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2. Which of the following circumstances should throw Exceptions?

Phoebe Song
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Joined: Jan 17, 2002
Posts: 54
a.Someone tries to set the capacity of a PackingBox to a negative value.
b.A syntax error is found in a configuration file that an object uses to set its initial state.
c.A method that searches for a programmer-specified word in a string array cannot find any occurrence of the word.


I believe is a, right?
marc weber
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Joined: Aug 31, 2004
Posts: 11343

Originally posted by Phoebe Song:
...I believe is a, right?

I think there are more graceful ways to handle user input error, so I'm going to say not A.


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Jim Yingst
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Posts: 18671
Personally I would throw an exception for B and quite possibly A as well. It depends mostly on whether "someone" in A is a user or a programmer. I'd definitely throw an exception if it's a programmer. Even if it's a user, I might throw an exception from one method, and catch it in another. C is possible too, but unlikely unless there us some reason to expect that the array must contain the string in order for the program to function correctly. I'm not usually interested in being "graceful" - I want to make errors easy to detect, then fix them. But really, there is no one absolute answer here. I think we could probably imagine circumstances for each of these where you could argue either way. But in my experience, for most circumstances that I can imagine, I would throw an exception for B, maybe A, but probably not C.
[ April 11, 2008: Message edited by: Jim Yingst ]

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marc weber
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Joined: Aug 31, 2004
Posts: 11343

That makes sense. I'm still leaning towards "not" on A, but like you said, it depends. I could be talked into it.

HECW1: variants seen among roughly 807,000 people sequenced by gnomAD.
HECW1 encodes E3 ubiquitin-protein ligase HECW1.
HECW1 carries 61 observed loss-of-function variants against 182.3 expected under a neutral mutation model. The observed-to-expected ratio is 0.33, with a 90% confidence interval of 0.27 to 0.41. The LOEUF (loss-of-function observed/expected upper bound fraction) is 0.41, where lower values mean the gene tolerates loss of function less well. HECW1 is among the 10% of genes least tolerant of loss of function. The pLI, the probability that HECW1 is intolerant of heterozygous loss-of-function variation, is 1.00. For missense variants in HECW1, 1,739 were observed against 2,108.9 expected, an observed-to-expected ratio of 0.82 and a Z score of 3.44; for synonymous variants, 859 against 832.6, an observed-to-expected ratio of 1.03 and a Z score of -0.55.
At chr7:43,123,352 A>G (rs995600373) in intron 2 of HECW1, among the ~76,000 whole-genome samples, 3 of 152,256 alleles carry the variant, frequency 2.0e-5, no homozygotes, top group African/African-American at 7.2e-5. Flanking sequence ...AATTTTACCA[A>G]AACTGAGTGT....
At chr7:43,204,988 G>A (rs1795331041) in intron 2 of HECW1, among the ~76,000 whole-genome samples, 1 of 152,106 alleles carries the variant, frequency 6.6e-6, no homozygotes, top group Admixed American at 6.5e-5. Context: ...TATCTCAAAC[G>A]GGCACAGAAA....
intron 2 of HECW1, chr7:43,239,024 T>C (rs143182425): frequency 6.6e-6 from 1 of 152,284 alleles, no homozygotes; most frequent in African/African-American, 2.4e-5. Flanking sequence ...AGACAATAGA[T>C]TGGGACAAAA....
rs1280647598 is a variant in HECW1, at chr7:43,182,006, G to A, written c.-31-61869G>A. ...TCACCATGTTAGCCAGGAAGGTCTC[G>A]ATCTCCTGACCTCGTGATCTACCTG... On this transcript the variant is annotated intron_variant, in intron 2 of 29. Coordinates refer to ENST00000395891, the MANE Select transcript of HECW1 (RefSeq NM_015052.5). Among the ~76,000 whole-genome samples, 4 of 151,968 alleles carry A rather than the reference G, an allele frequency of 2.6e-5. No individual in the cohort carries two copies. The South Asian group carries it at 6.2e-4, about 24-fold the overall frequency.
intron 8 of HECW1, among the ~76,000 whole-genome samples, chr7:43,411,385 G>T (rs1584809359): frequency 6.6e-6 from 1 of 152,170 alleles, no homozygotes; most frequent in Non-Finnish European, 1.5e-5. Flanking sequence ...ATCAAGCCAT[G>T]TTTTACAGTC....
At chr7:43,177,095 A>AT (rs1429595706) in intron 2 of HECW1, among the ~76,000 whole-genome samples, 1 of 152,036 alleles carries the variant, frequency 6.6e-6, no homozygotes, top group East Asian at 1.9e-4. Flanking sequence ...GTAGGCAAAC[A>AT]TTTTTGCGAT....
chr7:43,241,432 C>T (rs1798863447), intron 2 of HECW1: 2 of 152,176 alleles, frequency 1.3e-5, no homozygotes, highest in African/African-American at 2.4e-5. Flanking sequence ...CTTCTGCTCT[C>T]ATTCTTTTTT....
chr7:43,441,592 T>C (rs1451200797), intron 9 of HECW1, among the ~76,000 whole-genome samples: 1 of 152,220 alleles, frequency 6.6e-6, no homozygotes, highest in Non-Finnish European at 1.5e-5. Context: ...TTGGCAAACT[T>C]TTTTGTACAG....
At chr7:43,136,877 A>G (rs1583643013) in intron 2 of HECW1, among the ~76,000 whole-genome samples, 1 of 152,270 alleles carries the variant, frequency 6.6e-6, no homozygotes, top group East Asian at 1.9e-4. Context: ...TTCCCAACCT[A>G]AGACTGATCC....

Katrina Owen
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Joined: Nov 03, 2006
Posts: 1344
    
  12
I think that as a user I'd be pretty miffed if an Exception got thrown on A.

It's as though accidentally trying to use my library card in the ATM machine causes a hole to open up under me, dropping me into a dark box which suddenly spits me out a few blocks away. I wouldn't know how to recover. Sheesh, all I wanted was 20 bucks that are mine in the first place.

But if "someone" is a programmer, and a negative value in the PackingBox might cause subtle bugs in my Crate class, potentially leading to a weird error where the freight ship might sink if it encountered a hurricane during a full moon (and only if whales are singing) I'd be pretty relieved if an exception was thrown. Lives could be saved!

Then again, if my PackingBoxes are just for the move across town and a negative value would just cause one of the PackingBoxes to be empty I might notify the user/programmer and they could deal with it or not as they pleased. An extra box, or an extra trip across town. Not such a huge deal.

I guess one question would be "is the user going to be around to deal with the problem"? With the configuration file in B if you try ignoring it or sending friendly messages to the user, you are likely to get some pretty crazy behavior (if any).
ali acbar
Greenhorn

Joined: Oct 16, 2009
Posts: 1
Can someone fill me in on what packingbox refers to in terms of Java code?
Ernest Friedman-Hill
author and iconoclast
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Joined: Jul 08, 2003
Posts: 24166
    
  30

ali acbar wrote:Can someone fill me in on what packingbox refers to in terms of Java code?


It's just the name of an imaginary class, made up for this example.


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Campbell Ritchie
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Joined: Oct 13, 2005
Posts: 36453
    
  15
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